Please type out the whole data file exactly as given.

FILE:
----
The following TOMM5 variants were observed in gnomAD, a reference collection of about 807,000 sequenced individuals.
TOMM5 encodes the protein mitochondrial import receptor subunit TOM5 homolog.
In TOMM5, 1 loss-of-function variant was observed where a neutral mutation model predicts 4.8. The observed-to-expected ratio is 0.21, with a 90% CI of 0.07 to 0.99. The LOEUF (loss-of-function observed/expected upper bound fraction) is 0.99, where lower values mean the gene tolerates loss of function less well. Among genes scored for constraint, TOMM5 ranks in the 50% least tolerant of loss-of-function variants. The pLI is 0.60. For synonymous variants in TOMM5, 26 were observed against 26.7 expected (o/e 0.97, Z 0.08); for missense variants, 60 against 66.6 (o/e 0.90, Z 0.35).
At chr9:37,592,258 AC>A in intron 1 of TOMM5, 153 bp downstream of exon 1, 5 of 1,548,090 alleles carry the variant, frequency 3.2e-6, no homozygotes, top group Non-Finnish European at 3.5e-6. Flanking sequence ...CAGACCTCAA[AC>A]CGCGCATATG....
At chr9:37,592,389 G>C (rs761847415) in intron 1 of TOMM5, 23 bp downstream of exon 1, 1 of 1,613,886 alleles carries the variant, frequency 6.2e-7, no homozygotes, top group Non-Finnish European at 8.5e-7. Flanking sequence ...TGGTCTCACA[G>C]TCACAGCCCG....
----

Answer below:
The following TOMM5 variants were observed in gnomAD, a reference collection of about 807,000 sequenced individuals.
TOMM5 encodes the protein mitochondrial import receptor subunit TOM5 homolog.
In TOMM5, 1 loss-of-function variant was observed where a neutral mutation model predicts 4.8. The observed-to-expected ratio is 0.21, with a 90% CI of 0.07 to 0.99. The LOEUF (loss-of-function observed/expected upper bound fraction) is 0.99, where lower values mean the gene tolerates loss of function less well. Among genes scored for constraint, TOMM5 ranks in the 50% least tolerant of loss-of-function variants. The pLI is 0.60. For synonymous variants in TOMM5, 26 were observed against 26.7 expected (o/e 0.97, Z 0.08); for missense variants, 60 against 66.6 (o/e 0.90, Z 0.35).
At chr9:37,592,258 AC>A in intron 1 of TOMM5, 153 bp downstream of exon 1, 5 of 1,548,090 alleles carry the variant, frequency 3.2e-6, no homozygotes, top group Non-Finnish European at 3.5e-6. Flanking sequence ...CAGACCTCAA[AC>A]CGCGCATATG....
At chr9:37,592,389 G>C (rs761847415) in intron 1 of TOMM5, 23 bp downstream of exon 1, 1 of 1,613,886 alleles carries the variant, frequency 6.2e-7, no homozygotes, top group Non-Finnish European at 8.5e-7. Flanking sequence ...TGGTCTCACA[G>C]TCACAGCCCG....